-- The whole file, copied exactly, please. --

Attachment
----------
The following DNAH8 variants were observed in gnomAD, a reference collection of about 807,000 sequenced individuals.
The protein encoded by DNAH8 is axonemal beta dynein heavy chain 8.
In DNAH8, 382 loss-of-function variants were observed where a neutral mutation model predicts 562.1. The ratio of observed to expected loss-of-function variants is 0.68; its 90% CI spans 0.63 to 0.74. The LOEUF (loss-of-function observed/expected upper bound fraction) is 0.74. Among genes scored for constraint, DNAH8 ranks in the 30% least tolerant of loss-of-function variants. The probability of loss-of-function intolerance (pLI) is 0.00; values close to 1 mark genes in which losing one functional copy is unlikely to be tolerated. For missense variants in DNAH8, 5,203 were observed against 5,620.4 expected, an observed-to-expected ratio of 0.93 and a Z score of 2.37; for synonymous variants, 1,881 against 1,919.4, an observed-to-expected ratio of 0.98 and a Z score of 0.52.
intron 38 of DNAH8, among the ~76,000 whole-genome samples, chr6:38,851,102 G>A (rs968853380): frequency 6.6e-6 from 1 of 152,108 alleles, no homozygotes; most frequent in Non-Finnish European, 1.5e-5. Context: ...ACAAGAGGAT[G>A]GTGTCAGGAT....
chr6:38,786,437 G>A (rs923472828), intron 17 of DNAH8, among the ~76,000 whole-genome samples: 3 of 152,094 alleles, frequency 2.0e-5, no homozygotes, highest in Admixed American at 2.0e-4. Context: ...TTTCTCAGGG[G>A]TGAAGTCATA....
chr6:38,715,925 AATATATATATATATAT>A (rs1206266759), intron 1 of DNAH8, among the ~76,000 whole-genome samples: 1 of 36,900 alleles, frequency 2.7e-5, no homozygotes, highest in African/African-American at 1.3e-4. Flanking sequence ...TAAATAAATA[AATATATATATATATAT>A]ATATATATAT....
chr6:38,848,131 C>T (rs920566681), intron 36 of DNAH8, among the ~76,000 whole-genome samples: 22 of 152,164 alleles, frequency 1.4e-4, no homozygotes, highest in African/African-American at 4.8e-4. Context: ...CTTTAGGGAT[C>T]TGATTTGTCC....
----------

The following DNAH8 variants were observed in gnomAD, a reference collection of about 807,000 sequenced individuals.
The protein encoded by DNAH8 is axonemal beta dynein heavy chain 8.
In DNAH8, 382 loss-of-function variants were observed where a neutral mutation model predicts 562.1. The ratio of observed to expected loss-of-function variants is 0.68; its 90% CI spans 0.63 to 0.74. The LOEUF (loss-of-function observed/expected upper bound fraction) is 0.74. Among genes scored for constraint, DNAH8 ranks in the 30% least tolerant of loss-of-function variants. The probability of loss-of-function intolerance (pLI) is 0.00; values close to 1 mark genes in which losing one functional copy is unlikely to be tolerated. For missense variants in DNAH8, 5,203 were observed against 5,620.4 expected, an observed-to-expected ratio of 0.93 and a Z score of 2.37; for synonymous variants, 1,881 against 1,919.4, an observed-to-expected ratio of 0.98 and a Z score of 0.52.
intron 38 of DNAH8, among the ~76,000 whole-genome samples, chr6:38,851,102 G>A (rs968853380): frequency 6.6e-6 from 1 of 152,108 alleles, no homozygotes; most frequent in Non-Finnish European, 1.5e-5. Context: ...ACAAGAGGAT[G>A]GTGTCAGGAT....
chr6:38,786,437 G>A (rs923472828), intron 17 of DNAH8, among the ~76,000 whole-genome samples: 3 of 152,094 alleles, frequency 2.0e-5, no homozygotes, highest in Admixed American at 2.0e-4. Context: ...TTTCTCAGGG[G>A]TGAAGTCATA....
chr6:38,715,925 AATATATATATATATAT>A (rs1206266759), intron 1 of DNAH8, among the ~76,000 whole-genome samples: 1 of 36,900 alleles, frequency 2.7e-5, no homozygotes, highest in African/African-American at 1.3e-4. Flanking sequence ...TAAATAAATA[AATATATATATATATAT>A]ATATATATAT....
chr6:38,848,131 C>T (rs920566681), intron 36 of DNAH8, among the ~76,000 whole-genome samples: 22 of 152,164 alleles, frequency 1.4e-4, no homozygotes, highest in African/African-American at 4.8e-4. Context: ...CTTTAGGGAT[C>T]TGATTTGTCC....